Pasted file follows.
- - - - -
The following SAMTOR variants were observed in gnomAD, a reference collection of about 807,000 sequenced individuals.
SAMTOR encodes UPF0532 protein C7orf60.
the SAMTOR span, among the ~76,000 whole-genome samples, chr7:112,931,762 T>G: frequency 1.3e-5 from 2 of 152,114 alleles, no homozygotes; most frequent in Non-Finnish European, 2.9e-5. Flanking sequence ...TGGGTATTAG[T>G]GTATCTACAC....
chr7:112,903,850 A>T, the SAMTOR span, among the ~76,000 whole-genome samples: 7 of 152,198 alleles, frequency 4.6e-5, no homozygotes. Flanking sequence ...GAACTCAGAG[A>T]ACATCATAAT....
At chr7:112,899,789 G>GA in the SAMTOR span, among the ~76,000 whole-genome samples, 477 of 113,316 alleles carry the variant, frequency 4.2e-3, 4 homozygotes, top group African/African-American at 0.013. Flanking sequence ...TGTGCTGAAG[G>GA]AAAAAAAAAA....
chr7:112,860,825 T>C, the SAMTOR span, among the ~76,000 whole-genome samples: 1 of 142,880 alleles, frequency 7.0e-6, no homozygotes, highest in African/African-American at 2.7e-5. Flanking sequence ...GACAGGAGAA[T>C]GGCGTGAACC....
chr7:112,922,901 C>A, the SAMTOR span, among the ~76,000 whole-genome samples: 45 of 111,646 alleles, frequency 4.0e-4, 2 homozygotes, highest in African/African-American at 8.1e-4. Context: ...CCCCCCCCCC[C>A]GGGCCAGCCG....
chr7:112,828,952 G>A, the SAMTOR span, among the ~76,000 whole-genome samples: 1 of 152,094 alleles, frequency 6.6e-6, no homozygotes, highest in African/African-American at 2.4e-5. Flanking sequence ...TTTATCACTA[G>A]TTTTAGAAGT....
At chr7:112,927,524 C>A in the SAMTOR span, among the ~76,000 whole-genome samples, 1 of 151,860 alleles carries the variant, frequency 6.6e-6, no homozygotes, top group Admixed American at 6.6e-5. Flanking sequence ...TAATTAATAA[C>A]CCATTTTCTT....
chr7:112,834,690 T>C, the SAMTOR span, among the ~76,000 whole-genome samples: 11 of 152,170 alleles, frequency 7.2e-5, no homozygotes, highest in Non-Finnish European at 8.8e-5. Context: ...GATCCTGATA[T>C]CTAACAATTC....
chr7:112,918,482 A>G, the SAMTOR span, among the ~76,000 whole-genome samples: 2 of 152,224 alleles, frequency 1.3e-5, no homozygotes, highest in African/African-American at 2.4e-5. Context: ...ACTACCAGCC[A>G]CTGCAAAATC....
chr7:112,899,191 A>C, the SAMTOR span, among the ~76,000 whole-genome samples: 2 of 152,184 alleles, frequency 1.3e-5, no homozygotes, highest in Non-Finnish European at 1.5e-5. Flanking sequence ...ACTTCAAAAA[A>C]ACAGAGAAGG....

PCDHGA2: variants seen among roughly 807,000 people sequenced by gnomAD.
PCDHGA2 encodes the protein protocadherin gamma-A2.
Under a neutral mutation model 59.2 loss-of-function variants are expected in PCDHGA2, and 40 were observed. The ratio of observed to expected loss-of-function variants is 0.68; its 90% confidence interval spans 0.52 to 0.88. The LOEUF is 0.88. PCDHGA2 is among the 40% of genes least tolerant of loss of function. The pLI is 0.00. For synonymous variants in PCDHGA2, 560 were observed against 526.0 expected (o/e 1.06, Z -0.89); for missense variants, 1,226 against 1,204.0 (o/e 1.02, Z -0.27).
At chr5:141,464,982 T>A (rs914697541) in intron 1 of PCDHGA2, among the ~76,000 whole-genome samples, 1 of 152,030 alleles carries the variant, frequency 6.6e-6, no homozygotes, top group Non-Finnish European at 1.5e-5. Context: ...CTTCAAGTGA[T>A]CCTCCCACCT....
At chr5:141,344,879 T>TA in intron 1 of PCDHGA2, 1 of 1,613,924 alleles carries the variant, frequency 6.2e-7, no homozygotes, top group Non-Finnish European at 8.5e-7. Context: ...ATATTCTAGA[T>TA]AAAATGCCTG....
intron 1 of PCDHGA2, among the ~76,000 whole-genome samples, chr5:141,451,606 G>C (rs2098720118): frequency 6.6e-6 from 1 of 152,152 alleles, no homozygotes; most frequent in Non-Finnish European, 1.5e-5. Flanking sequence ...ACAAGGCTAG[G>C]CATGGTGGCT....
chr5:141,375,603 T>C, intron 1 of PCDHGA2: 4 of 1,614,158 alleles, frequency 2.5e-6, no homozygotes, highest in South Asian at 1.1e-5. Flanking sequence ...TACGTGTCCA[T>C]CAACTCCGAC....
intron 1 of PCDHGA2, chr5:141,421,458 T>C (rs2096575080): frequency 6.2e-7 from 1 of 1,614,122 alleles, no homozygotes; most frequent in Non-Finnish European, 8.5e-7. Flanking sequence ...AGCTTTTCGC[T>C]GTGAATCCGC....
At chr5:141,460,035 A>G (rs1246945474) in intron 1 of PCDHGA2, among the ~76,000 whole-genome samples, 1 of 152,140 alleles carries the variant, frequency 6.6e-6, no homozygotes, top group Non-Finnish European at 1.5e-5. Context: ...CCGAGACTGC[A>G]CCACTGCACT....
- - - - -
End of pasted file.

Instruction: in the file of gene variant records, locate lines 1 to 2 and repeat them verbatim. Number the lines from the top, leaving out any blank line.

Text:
The following SAMTOR variants were observed in gnomAD, a reference collection of about 807,000 sequenced individuals.
SAMTOR encodes UPF0532 protein C7orf60.